My name is Leonie and I’m a 22-year-old OT student in my 8th semester at the Hogeschool van Arnhem en Nijmegen (University of Applied Science) in Nijmegen, the Netherlands. I and 4 other students from Nijmegen were joining the Joint International Project in Winterthur, Switzerland in March 2019. It was a pleasure to be allowed to network with other international OT-students and docents from other universities. Through this project I learned a lot about how OT is organized in other countries, how other students learn and think about OT but also that we’re all the same in how we love our profession. The discussions during my time in Winterthur really helped me form my professional identity as an OT and made me feel like an international OT. Moreover, I learned a lot about my own qualities professionally and personally, but also about my interest in research. I made a lot of new contacts, this will help me form my future as an OT. I really appreciated the experience and would really recommend everyone that they have to join this project!

Participant experience 2: Verena from Austria

My name is Verena and I´m a 23-year-old Austrian student. I´m studying OT in my 6th semester at the University of Applied Sciences Tyrol, Innsbruck. Including me, two Masters students and two Bachelors students from our university were joining the JIP meeting in March 2019 in Winterthur. Besides a lot of international OT- networking with students and staff from several European universities, there was room to work on our own research projects. Once more I had the opportunity to experience the power of OT- peer support and professional exchange. The JIP contributed to gain more understanding and structure for my own Bachelor thesis. Moreover, becoming part of the international OT- community really helped in strengthening my occupational identity. So don´t miss the chance and enjoy the OT- flow!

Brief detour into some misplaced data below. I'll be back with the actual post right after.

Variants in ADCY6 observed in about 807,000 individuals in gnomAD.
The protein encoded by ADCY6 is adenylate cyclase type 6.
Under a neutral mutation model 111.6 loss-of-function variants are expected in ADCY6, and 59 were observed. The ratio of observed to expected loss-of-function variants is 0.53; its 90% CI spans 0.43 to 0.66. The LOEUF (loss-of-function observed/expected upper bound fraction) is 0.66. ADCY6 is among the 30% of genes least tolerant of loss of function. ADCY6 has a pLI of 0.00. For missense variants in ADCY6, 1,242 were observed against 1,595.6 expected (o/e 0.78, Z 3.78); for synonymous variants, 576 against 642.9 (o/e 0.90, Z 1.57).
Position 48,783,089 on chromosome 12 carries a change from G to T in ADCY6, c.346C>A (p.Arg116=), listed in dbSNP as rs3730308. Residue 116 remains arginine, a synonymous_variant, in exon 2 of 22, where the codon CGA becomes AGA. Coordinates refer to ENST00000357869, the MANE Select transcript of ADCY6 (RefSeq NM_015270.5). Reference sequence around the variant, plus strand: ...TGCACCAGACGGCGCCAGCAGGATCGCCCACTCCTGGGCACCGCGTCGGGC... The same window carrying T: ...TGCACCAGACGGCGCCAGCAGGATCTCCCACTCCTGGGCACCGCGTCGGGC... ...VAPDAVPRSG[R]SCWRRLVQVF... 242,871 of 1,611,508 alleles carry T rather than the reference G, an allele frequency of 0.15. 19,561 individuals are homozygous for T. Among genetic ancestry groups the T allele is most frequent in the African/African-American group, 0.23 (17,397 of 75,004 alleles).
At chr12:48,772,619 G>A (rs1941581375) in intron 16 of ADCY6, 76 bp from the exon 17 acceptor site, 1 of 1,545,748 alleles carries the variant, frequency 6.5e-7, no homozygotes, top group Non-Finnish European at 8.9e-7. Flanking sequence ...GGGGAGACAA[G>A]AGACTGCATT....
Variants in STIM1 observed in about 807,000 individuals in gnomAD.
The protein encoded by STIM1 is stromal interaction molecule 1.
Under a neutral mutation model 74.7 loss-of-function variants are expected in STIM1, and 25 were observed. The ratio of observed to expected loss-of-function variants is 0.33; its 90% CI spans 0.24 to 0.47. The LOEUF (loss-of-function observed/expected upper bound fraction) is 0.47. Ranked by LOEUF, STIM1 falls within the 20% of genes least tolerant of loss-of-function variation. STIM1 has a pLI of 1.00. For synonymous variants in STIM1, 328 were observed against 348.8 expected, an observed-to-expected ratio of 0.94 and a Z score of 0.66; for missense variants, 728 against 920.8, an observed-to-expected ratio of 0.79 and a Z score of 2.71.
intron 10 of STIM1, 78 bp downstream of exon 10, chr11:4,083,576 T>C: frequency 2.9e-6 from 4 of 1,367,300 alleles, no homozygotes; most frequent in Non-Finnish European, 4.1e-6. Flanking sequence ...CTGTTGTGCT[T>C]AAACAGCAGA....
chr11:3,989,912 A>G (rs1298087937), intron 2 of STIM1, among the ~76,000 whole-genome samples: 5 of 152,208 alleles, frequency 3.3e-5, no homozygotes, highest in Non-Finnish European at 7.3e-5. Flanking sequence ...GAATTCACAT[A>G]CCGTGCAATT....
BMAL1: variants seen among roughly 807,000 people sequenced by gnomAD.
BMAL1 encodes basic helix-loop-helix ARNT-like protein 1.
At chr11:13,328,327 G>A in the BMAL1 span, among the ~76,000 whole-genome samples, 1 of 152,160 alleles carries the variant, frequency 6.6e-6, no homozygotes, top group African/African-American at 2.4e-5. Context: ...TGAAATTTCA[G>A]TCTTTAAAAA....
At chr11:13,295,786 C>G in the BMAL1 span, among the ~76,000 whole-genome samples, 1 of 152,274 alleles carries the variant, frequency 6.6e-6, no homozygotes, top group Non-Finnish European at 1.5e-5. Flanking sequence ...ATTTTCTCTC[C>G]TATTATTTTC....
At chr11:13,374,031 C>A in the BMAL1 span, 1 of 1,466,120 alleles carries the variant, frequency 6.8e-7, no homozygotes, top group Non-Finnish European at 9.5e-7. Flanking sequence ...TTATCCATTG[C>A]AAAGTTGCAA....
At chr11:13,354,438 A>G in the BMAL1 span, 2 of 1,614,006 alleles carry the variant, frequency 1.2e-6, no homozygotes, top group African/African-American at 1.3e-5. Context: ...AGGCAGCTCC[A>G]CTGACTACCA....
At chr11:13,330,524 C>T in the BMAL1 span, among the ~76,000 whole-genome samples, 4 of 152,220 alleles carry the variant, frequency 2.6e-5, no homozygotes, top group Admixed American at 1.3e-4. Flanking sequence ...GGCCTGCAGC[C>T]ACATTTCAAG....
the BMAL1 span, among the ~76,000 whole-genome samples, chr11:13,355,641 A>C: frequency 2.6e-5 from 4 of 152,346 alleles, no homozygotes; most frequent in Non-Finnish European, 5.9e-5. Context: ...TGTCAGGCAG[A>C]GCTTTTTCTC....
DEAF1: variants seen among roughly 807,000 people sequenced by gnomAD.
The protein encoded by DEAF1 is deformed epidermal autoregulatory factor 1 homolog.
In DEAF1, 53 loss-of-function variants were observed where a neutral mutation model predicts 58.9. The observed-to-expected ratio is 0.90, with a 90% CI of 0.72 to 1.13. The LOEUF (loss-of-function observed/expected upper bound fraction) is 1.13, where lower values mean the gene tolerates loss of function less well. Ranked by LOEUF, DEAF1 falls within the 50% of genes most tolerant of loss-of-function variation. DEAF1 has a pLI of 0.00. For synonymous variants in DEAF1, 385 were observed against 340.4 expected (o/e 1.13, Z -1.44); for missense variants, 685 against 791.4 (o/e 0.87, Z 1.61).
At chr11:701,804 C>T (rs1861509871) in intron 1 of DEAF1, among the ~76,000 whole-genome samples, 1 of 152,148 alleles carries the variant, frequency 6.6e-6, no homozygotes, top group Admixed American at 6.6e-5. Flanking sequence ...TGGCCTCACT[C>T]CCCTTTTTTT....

OT related tips for summer!

We all know how important occupational balance is so it’s essential that we remember to balance ourselves too! So take the chance over the holidays to develop some non-Occupational Therapy related hobbies! After all an OT degree can mean a busy schedule with placement, studies and additional work and family responsibilities! 

Or, if you do want to do some OT related activities over the summer than check out some of the resources & tips we’ve provided below:

  • Watch a series or movie that includes an OT related topic- As OT is so varied there should be something for everyone! A few we can recommend include:

-The Intouchables (2011)
– The Intouchables (2011)
– A Beautiful Mind (2001)
– A mile in his shoes (2011)
– Mid-August Lunch (2008)
– Its Kind of a funny story (2010)
– Temple Grandin (2010)
– The dark Horse (2014)
– Still Mine (2012)
– One dat at a time (Netflix)
– Aytipical (Netflix)

  • Search for some volunteering or shadowing work if you’ve not had much experience of the sector yet
  • Try to source cheaper OT books from graduating students who no longer need them
  • Get connected on social media, its much easier to come across interesting research topics and new ideas when you’re not trying to look for them!
  • Share some of your activities with us- The summer break is a great time to reflect on your studies, placements and any additional events that have influenced your OT journeys
  • Plan a MINISPOT at your university- Our new ‘How-To’ guide to get started with your own MINISPOT is online and ready to use!
  • Consider if you want to be part of SPOTeurope board. Since part of our board has graduated, upcoming months we will be busy with recruiting new members. Stay tuned!!!

The board of SPOTeurope wishes you all a wonderful summer holiday, may it be filled with fun, drinks, vacations and lots of other things so you are able to start fresh again in september.

Have a good summer break! 😀

Occupational Therapy in a Driving Assessment Centre

Hi, I’m Natalie, the SPOTeurope blogger and this week I’ll share with you my first placement experience! I have just finished my first year at Worcester University in the UK, where we have five placements over three years of study. This placement was part time 2.5 days a week for 10 weeks, with lectures and seminars the other 2 days of the week.